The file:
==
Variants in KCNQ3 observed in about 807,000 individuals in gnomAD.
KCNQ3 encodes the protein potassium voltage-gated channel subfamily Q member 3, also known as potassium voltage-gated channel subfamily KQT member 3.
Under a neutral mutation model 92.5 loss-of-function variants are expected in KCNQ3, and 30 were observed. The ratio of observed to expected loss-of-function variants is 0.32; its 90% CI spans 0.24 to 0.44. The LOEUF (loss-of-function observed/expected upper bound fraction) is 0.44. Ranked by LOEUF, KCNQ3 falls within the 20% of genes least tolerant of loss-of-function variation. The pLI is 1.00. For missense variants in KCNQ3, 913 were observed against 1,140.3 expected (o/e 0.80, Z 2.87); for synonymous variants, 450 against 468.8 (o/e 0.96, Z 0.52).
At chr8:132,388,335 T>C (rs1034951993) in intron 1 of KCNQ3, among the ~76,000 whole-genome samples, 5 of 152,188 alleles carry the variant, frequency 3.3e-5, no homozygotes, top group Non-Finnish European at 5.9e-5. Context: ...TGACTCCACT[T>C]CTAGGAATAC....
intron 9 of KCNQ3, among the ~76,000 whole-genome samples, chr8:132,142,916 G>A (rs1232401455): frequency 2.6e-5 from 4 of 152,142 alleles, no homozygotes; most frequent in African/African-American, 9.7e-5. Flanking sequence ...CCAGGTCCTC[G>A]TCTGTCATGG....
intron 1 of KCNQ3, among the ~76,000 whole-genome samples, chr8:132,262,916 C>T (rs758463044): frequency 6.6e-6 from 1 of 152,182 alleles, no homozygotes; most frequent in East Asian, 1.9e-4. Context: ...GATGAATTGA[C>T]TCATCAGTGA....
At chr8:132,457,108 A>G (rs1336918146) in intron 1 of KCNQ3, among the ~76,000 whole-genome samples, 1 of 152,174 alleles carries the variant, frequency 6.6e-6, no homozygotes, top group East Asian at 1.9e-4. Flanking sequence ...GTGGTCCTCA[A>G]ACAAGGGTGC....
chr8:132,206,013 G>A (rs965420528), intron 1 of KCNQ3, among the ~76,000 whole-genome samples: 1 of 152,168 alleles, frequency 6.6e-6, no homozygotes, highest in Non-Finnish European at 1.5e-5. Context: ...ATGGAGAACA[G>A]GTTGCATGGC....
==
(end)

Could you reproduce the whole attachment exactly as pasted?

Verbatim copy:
Variants in KCNQ3 observed in about 807,000 individuals in gnomAD.
KCNQ3 encodes the protein potassium voltage-gated channel subfamily Q member 3, also known as potassium voltage-gated channel subfamily KQT member 3.
Under a neutral mutation model 92.5 loss-of-function variants are expected in KCNQ3, and 30 were observed. The ratio of observed to expected loss-of-function variants is 0.32; its 90% CI spans 0.24 to 0.44. The LOEUF (loss-of-function observed/expected upper bound fraction) is 0.44. Ranked by LOEUF, KCNQ3 falls within the 20% of genes least tolerant of loss-of-function variation. The pLI is 1.00. For missense variants in KCNQ3, 913 were observed against 1,140.3 expected (o/e 0.80, Z 2.87); for synonymous variants, 450 against 468.8 (o/e 0.96, Z 0.52).
At chr8:132,388,335 T>C (rs1034951993) in intron 1 of KCNQ3, among the ~76,000 whole-genome samples, 5 of 152,188 alleles carry the variant, frequency 3.3e-5, no homozygotes, top group Non-Finnish European at 5.9e-5. Context: ...TGACTCCACT[T>C]CTAGGAATAC....
intron 9 of KCNQ3, among the ~76,000 whole-genome samples, chr8:132,142,916 G>A (rs1232401455): frequency 2.6e-5 from 4 of 152,142 alleles, no homozygotes; most frequent in African/African-American, 9.7e-5. Flanking sequence ...CCAGGTCCTC[G>A]TCTGTCATGG....
intron 1 of KCNQ3, among the ~76,000 whole-genome samples, chr8:132,262,916 C>T (rs758463044): frequency 6.6e-6 from 1 of 152,182 alleles, no homozygotes; most frequent in East Asian, 1.9e-4. Context: ...GATGAATTGA[C>T]TCATCAGTGA....
At chr8:132,457,108 A>G (rs1336918146) in intron 1 of KCNQ3, among the ~76,000 whole-genome samples, 1 of 152,174 alleles carries the variant, frequency 6.6e-6, no homozygotes, top group East Asian at 1.9e-4. Flanking sequence ...GTGGTCCTCA[A>G]ACAAGGGTGC....
chr8:132,206,013 G>A (rs965420528), intron 1 of KCNQ3, among the ~76,000 whole-genome samples: 1 of 152,168 alleles, frequency 6.6e-6, no homozygotes, highest in Non-Finnish European at 1.5e-5. Context: ...ATGGAGAACA[G>A]GTTGCATGGC....